Support for LAist comes from
We Explain L.A.
Stay Connected

Share This

Housing and Homelessness

LA Council Members Consider Banning Unhoused People From Living Near Day Care Centers And Schools

A person sleeps atop a piece of cardboard on the sidewalk covered in a blanket. The sidewalk appears to be near an active street at night in the city.
An unhoused person sleeps covered with a blanket on cardboard in Los Angeles, California on February 24, 2022.
(Frederic J. Brown
AFP via Getty Images)
Before you
Dear reader, we're asking you to help us keep local news available for all. Your tax-deductible financial support keeps our stories free to read, instead of hidden behind paywalls. We believe when reliable local reporting is widely available, the entire community benefits. Thank you for investing in your neighborhood.

Los Angeles leaders are considering a plan to expand the city's anti-camping law to automatically include any area within 500 feet of a school or day care.

L.A. Unified Superintendent Alberto Carvalho told L.A. City Council members that students at some schools are seeing and hearing things that no parent would find acceptable for kids.

“There is a fair balance that needs to be achieved in terms of long-term development of strategies and plans to deal with homelessness in our community,” Carvalho said. “But until then, we have a moral, a professional, a personal responsibility to protect our children.”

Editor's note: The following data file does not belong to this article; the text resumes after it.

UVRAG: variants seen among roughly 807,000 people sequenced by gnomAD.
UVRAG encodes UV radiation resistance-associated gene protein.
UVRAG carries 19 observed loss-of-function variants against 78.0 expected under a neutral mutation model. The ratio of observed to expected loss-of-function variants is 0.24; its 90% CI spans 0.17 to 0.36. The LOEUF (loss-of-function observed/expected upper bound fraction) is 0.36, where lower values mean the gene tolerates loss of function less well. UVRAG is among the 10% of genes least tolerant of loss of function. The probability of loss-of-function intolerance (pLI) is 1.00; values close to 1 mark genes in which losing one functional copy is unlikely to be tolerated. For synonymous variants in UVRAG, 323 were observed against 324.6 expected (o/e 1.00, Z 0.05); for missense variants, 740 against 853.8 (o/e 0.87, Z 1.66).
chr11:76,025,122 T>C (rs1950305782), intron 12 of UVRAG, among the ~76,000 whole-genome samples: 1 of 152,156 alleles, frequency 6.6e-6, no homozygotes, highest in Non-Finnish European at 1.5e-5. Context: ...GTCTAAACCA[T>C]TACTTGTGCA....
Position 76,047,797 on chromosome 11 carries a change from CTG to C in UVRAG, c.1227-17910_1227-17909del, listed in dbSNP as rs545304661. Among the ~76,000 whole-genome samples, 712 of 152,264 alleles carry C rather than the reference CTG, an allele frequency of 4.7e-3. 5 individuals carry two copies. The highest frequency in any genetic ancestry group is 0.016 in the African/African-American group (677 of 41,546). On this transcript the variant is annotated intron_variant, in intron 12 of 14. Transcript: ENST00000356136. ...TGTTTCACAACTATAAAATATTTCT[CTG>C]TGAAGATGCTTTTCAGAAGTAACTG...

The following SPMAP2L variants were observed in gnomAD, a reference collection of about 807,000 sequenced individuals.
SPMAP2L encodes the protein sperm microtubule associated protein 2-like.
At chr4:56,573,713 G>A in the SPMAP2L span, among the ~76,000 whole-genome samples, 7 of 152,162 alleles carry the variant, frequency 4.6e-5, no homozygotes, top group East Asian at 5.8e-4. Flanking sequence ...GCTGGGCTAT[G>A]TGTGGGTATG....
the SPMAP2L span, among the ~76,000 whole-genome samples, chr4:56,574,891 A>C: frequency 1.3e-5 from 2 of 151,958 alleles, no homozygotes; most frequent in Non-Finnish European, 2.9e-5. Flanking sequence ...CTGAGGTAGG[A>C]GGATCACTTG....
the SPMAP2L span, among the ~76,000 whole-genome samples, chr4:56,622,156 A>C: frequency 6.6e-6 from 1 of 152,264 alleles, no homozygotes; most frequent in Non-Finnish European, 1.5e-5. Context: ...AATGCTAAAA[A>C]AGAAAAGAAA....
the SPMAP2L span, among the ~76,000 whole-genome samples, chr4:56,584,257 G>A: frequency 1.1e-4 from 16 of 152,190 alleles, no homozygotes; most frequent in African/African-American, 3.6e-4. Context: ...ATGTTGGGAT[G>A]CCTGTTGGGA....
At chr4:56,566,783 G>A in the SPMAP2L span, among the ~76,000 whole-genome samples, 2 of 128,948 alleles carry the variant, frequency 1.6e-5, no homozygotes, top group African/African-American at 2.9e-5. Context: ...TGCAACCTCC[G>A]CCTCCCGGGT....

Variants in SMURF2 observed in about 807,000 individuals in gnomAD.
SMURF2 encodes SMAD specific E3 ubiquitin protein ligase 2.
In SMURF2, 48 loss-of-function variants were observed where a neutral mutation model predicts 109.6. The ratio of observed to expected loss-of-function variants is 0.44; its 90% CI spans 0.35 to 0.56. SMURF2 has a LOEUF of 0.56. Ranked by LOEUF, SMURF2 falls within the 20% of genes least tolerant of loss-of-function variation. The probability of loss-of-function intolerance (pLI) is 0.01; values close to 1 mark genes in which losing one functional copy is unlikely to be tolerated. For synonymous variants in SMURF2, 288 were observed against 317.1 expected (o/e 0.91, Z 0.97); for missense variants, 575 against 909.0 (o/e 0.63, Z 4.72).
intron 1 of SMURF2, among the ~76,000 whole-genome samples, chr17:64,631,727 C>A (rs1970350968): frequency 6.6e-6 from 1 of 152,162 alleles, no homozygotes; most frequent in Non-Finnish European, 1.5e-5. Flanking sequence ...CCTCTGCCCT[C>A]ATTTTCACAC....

Critics contend the proposal is being rushed.

Support for LAist comes from

Councilmember Nithya Raman, who voted against expanding the restrictions, raised concerns about the lack of shelter beds and outreach workers.

“None of the other structures that we need to have in place in order to make this city's response to homelessness an effective response to homelessness are currently in place right now.,” Raman said. “The results of that are sadly too visible on our streets.”

Councilmember Mike Bonin cast the other opposing vote on the measure. He contended that the additional restrictions wouldn’t solve the issue.

“So instead of [an encampment] being in front of the school, it’s going to be a block from the school, or two blocks from the school,” Bonin said.

The remaining council members, including mayoral candidate Kevin de León, and Paul Koretz, who’s running for city controller, voted to approve the anti-encampment restrictions.

An amended version of the anti-camping law will be presented to the City Council for a vote later on.

The measure builds upon L.A.’s existing anti-camping ordinance, municipal code 41.18, which the Council approved in July last year.

The wide-ranging code makes it illegal to camp in hundreds of areas across the city.

Among the restrictions, unhoused people aren’t allowed to “sit, lie or sleep” on any street, sidewalk or other public walkway covered under the Americans with Disabilities Act.

Support for LAist comes from
What questions do you have about Southern California?